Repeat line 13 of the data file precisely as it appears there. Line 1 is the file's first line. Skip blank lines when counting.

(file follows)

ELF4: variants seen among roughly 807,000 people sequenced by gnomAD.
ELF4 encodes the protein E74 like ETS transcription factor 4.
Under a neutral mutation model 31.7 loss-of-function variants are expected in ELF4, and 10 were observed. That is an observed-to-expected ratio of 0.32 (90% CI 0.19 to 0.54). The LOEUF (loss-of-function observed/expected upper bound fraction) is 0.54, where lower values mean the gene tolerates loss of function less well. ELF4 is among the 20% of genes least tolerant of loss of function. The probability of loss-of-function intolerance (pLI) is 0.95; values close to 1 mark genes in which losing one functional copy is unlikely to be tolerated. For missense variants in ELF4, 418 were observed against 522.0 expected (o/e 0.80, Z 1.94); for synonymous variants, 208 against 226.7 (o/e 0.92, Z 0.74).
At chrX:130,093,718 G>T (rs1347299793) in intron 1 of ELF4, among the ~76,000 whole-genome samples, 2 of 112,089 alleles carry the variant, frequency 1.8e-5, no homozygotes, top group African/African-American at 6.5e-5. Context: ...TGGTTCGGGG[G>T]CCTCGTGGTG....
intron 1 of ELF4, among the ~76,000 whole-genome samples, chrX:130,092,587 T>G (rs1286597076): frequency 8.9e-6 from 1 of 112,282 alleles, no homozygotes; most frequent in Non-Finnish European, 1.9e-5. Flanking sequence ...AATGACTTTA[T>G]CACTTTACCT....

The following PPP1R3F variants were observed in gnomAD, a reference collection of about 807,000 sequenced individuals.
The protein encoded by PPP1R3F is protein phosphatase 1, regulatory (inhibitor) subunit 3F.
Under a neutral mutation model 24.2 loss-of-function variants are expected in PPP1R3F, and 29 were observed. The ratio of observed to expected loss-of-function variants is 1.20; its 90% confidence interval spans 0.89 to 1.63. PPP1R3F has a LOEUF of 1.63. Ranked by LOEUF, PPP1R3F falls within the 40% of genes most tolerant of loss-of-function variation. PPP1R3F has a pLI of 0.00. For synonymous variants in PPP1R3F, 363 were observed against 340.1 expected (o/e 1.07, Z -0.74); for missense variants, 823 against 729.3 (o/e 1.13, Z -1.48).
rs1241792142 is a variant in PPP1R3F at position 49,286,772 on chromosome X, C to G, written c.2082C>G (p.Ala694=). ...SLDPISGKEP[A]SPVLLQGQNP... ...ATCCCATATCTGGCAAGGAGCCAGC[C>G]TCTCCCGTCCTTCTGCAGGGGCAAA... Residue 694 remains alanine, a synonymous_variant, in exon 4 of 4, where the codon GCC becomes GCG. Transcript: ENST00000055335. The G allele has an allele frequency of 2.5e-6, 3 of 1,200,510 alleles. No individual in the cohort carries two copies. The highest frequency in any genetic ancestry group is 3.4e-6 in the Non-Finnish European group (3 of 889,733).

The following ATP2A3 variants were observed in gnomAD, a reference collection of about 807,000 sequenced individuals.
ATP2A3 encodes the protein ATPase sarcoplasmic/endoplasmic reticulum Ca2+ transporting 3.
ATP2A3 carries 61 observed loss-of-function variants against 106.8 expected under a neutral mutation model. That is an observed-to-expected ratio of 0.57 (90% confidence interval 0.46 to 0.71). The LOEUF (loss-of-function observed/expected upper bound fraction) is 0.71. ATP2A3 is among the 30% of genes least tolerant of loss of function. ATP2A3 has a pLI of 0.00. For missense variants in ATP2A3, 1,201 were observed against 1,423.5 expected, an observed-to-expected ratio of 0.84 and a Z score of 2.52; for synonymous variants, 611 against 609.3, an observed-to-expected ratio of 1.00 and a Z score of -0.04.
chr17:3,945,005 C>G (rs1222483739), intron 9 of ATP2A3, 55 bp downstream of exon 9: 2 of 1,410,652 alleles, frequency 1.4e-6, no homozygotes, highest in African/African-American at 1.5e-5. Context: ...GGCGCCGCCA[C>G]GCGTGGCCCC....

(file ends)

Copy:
chr17:3,945,005 C>G (rs1222483739), intron 9 of ATP2A3, 55 bp downstream of exon 9: 2 of 1,410,652 alleles, frequency 1.4e-6, no homozygotes, highest in African/African-American at 1.5e-5. Context: ...GGCGCCGCCA[C>G]GCGTGGCCCC....